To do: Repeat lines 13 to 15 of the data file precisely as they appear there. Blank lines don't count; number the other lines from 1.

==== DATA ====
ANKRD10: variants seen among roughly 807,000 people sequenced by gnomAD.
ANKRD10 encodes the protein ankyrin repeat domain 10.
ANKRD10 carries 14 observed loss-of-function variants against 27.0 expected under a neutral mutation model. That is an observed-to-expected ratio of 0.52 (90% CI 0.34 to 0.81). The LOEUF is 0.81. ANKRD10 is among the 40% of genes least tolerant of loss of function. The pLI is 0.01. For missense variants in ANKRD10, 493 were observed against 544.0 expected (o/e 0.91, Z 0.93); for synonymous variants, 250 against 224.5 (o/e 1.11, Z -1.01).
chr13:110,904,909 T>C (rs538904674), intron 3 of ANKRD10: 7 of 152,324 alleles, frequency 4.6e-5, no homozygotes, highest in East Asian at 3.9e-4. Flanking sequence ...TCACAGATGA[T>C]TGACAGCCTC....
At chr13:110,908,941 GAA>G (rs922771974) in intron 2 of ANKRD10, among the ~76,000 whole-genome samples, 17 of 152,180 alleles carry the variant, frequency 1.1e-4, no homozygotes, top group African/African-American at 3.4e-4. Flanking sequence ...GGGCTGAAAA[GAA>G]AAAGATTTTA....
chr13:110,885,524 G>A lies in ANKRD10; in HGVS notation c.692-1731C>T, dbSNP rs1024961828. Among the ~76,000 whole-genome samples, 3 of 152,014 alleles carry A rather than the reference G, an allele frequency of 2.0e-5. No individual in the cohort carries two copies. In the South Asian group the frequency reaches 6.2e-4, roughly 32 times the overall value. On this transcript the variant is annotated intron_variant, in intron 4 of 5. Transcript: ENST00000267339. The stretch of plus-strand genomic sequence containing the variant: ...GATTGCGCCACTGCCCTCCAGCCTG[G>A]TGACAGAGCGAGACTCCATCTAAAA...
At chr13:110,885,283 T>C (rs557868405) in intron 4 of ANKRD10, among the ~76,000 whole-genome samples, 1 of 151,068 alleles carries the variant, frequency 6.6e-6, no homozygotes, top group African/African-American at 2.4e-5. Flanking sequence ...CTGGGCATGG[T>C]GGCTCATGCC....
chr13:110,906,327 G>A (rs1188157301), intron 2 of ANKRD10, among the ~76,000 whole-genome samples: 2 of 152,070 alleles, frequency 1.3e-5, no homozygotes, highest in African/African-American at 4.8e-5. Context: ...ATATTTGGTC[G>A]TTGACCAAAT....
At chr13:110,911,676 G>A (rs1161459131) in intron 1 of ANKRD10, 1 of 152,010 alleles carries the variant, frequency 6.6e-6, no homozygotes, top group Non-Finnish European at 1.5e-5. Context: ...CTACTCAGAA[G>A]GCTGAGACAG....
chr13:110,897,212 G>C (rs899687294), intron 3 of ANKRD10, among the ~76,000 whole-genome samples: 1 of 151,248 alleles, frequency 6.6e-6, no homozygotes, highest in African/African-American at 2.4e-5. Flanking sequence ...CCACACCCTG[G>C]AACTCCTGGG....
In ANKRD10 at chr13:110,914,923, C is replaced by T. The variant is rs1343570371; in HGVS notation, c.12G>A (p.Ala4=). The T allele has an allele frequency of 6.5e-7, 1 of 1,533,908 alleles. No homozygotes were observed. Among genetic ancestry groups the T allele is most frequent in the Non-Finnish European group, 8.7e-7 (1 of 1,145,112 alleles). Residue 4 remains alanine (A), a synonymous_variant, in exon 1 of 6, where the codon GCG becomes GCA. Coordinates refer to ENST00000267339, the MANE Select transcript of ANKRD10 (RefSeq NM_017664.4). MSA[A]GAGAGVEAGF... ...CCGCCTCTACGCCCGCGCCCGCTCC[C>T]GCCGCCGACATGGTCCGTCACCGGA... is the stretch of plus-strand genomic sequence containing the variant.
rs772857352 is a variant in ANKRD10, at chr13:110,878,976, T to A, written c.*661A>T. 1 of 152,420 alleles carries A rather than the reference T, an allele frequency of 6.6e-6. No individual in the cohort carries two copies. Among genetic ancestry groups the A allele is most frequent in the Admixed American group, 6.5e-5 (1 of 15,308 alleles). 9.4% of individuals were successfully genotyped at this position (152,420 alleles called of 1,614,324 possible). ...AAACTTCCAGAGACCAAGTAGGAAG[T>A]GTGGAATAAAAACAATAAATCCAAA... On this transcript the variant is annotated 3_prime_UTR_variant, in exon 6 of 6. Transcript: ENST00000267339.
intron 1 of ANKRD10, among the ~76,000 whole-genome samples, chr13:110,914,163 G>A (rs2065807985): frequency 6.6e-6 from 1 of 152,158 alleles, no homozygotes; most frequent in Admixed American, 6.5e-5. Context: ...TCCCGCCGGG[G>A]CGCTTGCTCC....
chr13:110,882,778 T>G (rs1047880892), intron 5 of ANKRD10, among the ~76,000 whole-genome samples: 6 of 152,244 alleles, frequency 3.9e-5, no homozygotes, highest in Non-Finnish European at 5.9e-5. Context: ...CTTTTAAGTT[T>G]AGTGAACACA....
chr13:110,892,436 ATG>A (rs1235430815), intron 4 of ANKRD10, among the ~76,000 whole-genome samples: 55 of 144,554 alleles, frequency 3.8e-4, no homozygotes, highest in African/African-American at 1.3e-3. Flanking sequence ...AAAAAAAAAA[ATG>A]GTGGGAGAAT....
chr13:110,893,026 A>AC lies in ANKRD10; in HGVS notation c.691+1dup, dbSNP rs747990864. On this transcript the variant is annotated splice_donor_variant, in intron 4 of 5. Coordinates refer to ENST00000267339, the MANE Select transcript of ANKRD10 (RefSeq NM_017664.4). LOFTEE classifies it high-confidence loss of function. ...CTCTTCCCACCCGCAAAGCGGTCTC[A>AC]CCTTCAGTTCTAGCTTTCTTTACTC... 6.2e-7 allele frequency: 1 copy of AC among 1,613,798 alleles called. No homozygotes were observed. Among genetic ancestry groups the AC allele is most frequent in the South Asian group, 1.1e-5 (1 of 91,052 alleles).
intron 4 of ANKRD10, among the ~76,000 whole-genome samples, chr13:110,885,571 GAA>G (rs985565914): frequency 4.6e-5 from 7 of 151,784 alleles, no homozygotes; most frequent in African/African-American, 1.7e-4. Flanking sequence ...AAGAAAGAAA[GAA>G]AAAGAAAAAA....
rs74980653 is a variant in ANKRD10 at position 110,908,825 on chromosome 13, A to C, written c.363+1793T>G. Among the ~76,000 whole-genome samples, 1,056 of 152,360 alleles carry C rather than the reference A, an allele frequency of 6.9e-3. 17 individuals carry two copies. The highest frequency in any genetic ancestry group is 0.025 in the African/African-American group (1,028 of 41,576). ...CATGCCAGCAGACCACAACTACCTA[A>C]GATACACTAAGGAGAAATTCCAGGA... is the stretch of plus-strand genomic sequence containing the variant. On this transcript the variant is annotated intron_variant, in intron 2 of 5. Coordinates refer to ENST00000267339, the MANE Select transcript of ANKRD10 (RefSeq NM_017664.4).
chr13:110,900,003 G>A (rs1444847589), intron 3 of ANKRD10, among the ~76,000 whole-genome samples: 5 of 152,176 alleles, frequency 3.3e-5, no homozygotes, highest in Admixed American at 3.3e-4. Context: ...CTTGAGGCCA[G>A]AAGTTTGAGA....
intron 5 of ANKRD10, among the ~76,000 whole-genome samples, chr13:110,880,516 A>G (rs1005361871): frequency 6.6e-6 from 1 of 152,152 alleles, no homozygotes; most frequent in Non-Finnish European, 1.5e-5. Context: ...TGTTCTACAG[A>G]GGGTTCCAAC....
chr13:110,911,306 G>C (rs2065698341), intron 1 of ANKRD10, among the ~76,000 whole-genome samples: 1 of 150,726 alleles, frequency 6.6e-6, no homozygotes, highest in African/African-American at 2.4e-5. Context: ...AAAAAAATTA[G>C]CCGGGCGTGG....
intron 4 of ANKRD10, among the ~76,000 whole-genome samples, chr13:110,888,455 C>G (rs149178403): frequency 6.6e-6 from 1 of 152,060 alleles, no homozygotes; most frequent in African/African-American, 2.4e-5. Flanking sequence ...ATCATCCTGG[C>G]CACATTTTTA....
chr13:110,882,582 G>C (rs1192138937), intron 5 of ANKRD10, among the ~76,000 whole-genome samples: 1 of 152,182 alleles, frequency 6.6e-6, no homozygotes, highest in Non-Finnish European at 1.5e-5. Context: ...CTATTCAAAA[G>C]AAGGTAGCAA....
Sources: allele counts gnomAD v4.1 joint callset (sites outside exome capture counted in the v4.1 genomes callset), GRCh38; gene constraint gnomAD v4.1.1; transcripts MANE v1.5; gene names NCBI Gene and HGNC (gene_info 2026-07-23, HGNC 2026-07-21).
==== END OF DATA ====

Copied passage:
intron 1 of ANKRD10, among the ~76,000 whole-genome samples, chr13:110,914,163 G>A (rs2065807985): frequency 6.6e-6 from 1 of 152,158 alleles, no homozygotes; most frequent in Admixed American, 6.5e-5. Context: ...TCCCGCCGGG[G>A]CGCTTGCTCC....
chr13:110,882,778 T>G (rs1047880892), intron 5 of ANKRD10, among the ~76,000 whole-genome samples: 6 of 152,244 alleles, frequency 3.9e-5, no homozygotes, highest in Non-Finnish European at 5.9e-5. Context: ...CTTTTAAGTT[T>G]AGTGAACACA....
chr13:110,892,436 ATG>A (rs1235430815), intron 4 of ANKRD10, among the ~76,000 whole-genome samples: 55 of 144,554 alleles, frequency 3.8e-4, no homozygotes, highest in African/African-American at 1.3e-3. Flanking sequence ...AAAAAAAAAA[ATG>A]GTGGGAGAAT....